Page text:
Vancouver Canucks: Newly-Formed Defense? No Panic...Just Yet

Joseph TrentonAnalyst IIIFebruary 16, 2011

Kevin Bieksa fights off Kevin Porter, wearing #12 for the Avalanche.
Kevin Bieksa fights off Kevin Porter, wearing #12 for the Avalanche.Doug Pensinger/Getty Images

VANCOUVER: Before you search for the big red panic button on the Canucks blue line, think again, because you may be surprised with what you see after a closer look.

The Vancouver squad entered Tuesday night's game in Minnesota with ONLY two defensemen from their opening night roster: Christian Ehrhoff and Kevin Bieksa.

Update in a minute, but Dan Hamhuis, Alex Edler, Keith Ballard, and Andrew Alberts are all out with some form of bodily illness.

Hamhuis suffered a concussion when his head contacted the end boards after a normal-looking check. Edler appears to have injured his lower back after a huge open ice hit on Jamie Benn.

Ballard was slew footed by Ottawa Senators forward Milan Michalek from behind the goal line, and brought to the ice with both hands on his equipment away from the play.

Alberts follows up with a broken wrist in St. Louis and is now singing the Blues. When will the music stop?

Before I go on, the Canucks picked up where they left off last night by calling up the 12th different name to play D this season: Yann Sauve.

Sauve was a 41th overall, second-round pick in the 2008 NHL Entry Draft when the Canucks picked up Cody Hodgson at 10th overall.

Sauve joined fellow Moose call-ups Lee Sweatt, Chris Tanev, Victor Oreskovich, Jeff Tambellini, and Aaron Volpatti on the Canucks roster. Thank God for having the farm team affiliate.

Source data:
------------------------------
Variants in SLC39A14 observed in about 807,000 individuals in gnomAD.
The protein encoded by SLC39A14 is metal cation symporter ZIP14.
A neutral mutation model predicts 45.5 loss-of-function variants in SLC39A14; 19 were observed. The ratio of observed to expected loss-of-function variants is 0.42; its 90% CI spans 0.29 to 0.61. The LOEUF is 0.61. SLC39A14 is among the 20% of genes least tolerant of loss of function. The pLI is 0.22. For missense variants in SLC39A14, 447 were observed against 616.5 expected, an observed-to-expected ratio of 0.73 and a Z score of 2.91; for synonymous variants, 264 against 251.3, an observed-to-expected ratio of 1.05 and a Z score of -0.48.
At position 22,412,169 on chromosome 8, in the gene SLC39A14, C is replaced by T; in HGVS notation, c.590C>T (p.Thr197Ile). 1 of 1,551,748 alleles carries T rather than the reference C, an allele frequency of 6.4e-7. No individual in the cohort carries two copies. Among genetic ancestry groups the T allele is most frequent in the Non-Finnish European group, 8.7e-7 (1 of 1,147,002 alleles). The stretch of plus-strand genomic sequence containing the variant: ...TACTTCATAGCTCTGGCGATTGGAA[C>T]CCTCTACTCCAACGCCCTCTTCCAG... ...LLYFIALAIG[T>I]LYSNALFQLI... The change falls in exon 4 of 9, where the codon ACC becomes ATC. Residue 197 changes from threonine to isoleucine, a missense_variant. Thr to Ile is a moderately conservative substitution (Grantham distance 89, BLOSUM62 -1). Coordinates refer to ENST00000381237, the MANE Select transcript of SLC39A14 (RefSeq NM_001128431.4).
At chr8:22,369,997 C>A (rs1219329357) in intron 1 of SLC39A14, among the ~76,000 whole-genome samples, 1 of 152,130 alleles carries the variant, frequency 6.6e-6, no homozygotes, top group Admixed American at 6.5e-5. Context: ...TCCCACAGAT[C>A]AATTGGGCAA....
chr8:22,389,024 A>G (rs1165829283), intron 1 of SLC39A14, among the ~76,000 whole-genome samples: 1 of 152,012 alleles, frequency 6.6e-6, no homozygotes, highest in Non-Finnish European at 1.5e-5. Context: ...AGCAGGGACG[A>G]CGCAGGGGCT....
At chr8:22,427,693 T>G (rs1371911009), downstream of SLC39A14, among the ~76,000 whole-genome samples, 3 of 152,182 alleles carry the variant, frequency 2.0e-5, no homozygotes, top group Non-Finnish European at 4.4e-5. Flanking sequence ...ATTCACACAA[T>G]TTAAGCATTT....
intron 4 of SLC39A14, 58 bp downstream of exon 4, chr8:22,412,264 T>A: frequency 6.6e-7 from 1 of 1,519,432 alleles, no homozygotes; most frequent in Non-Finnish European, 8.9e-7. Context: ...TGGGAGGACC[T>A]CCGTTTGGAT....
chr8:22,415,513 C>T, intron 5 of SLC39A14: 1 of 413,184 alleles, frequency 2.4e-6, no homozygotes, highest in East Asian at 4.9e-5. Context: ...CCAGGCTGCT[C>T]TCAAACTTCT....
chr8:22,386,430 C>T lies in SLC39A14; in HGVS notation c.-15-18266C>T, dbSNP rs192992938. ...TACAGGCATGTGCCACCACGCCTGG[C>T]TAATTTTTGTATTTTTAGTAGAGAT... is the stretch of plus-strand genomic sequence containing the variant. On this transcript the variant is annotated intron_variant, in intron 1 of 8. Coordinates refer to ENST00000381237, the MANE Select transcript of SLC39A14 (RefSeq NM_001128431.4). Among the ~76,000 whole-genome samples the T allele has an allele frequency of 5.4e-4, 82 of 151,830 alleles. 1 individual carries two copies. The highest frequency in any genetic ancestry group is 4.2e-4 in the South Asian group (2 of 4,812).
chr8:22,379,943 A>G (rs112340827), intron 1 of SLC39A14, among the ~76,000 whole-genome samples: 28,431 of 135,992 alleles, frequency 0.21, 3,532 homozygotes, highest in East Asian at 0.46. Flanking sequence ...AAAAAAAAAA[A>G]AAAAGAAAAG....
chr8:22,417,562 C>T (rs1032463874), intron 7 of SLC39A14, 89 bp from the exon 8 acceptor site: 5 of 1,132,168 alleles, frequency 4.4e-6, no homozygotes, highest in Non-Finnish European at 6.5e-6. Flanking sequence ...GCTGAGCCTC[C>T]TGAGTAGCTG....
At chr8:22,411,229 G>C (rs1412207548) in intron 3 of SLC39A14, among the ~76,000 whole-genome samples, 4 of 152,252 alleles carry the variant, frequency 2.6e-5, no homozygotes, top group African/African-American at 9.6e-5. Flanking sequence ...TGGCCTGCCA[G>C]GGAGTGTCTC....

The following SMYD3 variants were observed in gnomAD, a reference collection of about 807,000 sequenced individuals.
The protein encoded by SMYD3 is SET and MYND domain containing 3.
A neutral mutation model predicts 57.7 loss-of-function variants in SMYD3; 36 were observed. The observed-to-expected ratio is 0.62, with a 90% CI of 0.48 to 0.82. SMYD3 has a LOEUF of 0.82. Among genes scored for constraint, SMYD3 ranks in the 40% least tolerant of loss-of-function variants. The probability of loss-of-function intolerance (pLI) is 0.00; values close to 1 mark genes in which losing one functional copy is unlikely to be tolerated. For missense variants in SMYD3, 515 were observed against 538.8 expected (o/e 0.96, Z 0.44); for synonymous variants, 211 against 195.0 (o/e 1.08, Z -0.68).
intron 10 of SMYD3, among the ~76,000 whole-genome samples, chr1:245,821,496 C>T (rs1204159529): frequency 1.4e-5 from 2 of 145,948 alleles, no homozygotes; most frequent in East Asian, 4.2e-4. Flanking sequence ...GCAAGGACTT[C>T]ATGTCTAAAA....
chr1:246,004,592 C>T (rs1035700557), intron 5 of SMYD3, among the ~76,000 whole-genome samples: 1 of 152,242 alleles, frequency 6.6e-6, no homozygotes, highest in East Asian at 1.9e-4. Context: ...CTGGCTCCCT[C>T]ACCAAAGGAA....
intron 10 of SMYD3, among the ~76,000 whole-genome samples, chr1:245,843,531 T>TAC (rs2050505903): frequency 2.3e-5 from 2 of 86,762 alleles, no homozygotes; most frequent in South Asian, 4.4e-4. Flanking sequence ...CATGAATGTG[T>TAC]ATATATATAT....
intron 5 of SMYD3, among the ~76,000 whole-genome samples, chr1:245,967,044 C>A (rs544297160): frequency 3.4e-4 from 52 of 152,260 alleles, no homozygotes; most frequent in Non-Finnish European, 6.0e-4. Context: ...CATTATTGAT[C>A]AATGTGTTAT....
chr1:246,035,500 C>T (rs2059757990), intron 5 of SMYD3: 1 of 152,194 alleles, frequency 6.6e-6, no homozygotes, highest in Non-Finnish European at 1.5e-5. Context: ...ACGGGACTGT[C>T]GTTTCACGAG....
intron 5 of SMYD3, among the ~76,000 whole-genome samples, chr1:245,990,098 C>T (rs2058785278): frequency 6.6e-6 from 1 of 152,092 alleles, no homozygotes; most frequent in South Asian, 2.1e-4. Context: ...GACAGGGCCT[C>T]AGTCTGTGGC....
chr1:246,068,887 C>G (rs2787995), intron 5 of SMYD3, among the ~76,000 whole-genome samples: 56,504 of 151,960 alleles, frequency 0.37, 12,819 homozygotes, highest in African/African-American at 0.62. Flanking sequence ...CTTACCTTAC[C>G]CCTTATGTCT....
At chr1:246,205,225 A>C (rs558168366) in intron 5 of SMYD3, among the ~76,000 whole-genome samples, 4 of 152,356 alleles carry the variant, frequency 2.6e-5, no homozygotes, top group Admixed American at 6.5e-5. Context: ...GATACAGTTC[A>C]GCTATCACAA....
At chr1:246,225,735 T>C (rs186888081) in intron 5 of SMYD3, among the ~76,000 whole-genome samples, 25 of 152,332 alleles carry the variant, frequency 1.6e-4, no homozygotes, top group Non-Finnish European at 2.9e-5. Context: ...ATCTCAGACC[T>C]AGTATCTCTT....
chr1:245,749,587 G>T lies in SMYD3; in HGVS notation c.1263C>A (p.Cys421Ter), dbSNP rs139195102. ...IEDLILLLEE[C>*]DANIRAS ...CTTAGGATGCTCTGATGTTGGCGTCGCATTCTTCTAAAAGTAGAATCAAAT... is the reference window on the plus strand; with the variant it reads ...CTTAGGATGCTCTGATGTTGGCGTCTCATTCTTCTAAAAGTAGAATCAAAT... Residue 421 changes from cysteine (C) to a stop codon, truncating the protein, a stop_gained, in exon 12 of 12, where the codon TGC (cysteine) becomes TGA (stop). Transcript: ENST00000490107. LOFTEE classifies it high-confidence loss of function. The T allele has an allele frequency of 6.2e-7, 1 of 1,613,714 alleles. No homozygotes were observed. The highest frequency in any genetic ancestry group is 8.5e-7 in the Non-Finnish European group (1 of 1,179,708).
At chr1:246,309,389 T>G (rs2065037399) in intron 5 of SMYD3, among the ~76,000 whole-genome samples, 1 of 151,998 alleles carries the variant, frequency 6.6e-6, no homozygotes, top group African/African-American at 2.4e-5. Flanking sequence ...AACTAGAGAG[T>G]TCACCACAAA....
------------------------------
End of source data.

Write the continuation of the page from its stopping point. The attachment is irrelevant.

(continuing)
Now, the Canucks played Yann Sauve for 12:16 on Tuesday night, Chris Tanev 13:40, reserve D-man Aaron Rome 17:50, finally healthy Sami Salo 18:19, incumbent Kevin Bieksa 20:05, and big point shot Christian Ehrhoff 22:00.

For doubters saying Ehrhoff, Bieksa and Salo are going to be dead tired and worn out before the playoffs begin, think again.

Ehrhoff played only 22 minutes and he led the defense in ice-time. Bieksa can play a lot more than 22, but he only had to be on the ice for just over 20 minutes.

Salo can ease back into game shape with 18 minutes per night until he feels comfortable with the mid-season pace. Not a lot to worry about for the Canucks brass in terms of looking to trade for a depth defenseman at all.

Now, here is the good news tonight.

Canucks designated shutdown defenseman Dan Hamhuis is reportedly recovering from his mild concussion and has started light workout in Vancouver where he is having his rehabilitation.

Look for Hamhuis to return within a week or 2 as he passes the baseline testing.

For Ballard, his original recovery may be too lengthy, as he is closer than he appeared on that night. Ballard should be back skating again next week, and soon after in game situations.

Therefore, we are talking about 1-2 week window from now on that we will see the Moose herd so at large.

Some have previously wondered, and here I wish to address: What happens when the D's are healthy, but we have no cap space to fit them into the lineup?

Here are the rules under the CBA:

Regular season, annual salary cap hit applies. Playoffs, salaries are due in the regular season. Therefore, no salary cap limit on each team.

However, that player must be under contract prior to the trade deadline to be eligible for playoff eligibility to dress. For the Canucks, this isn't an issue.

Imagine the playoffs, when we get Alberts and Edler back, we will have a defense core similar as such:

Hamhuis - Bieksa

Salo - Ehrhoff

Edler - Ballard

Extras: Alberts, Rome

Farm: Tanev, Sweatt, Sauve, Parent, Paestch, Baumgartner, Connauton.

Simply put, Canucks will have no issue on who to defend.

Good job by Mike Gillis.


In 2006, when the Canucks were often injured, ex-GM Dave Nonis traded away valuable draft assets to acquire Eric Weinrich from the St.Louis Blues, Sean Brown from the New Jersey Devils, and Keith Carney from the Anaheim Mighty Ducks.

They lost the second-, third- and fourth-round picks and couple of low-end prospects in the process. That season, the Canucks were out of the playoffs finishing in ninth place in the Western Conference. Much ado about nothing.

Hang in there Sami, Kevin and Christian! Help is along the way. For now, sit back and enjoy the extra ice time. Enjoy it while it lasts!


Thanks for following your Vancouver Canucks.

This is Joseph Trenton.




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